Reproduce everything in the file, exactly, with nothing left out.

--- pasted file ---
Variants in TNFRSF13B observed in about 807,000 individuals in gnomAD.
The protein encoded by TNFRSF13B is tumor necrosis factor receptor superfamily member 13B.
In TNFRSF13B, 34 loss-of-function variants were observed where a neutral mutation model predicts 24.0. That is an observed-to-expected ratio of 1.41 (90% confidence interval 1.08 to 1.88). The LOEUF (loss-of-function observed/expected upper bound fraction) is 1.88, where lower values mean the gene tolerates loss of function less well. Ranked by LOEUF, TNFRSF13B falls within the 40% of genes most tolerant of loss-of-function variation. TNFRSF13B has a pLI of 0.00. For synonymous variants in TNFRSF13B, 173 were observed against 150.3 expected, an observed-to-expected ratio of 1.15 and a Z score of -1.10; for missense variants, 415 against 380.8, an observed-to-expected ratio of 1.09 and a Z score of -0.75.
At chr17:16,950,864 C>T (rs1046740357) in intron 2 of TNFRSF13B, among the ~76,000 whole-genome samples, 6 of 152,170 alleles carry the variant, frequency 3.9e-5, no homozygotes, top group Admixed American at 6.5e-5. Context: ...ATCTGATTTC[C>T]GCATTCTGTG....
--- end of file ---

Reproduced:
Variants in TNFRSF13B observed in about 807,000 individuals in gnomAD.
The protein encoded by TNFRSF13B is tumor necrosis factor receptor superfamily member 13B.
In TNFRSF13B, 34 loss-of-function variants were observed where a neutral mutation model predicts 24.0. That is an observed-to-expected ratio of 1.41 (90% confidence interval 1.08 to 1.88). The LOEUF (loss-of-function observed/expected upper bound fraction) is 1.88, where lower values mean the gene tolerates loss of function less well. Ranked by LOEUF, TNFRSF13B falls within the 40% of genes most tolerant of loss-of-function variation. TNFRSF13B has a pLI of 0.00. For synonymous variants in TNFRSF13B, 173 were observed against 150.3 expected, an observed-to-expected ratio of 1.15 and a Z score of -1.10; for missense variants, 415 against 380.8, an observed-to-expected ratio of 1.09 and a Z score of -0.75.
At chr17:16,950,864 C>T (rs1046740357) in intron 2 of TNFRSF13B, among the ~76,000 whole-genome samples, 6 of 152,170 alleles carry the variant, frequency 3.9e-5, no homozygotes, top group Admixed American at 6.5e-5. Context: ...ATCTGATTTC[C>T]GCATTCTGTG....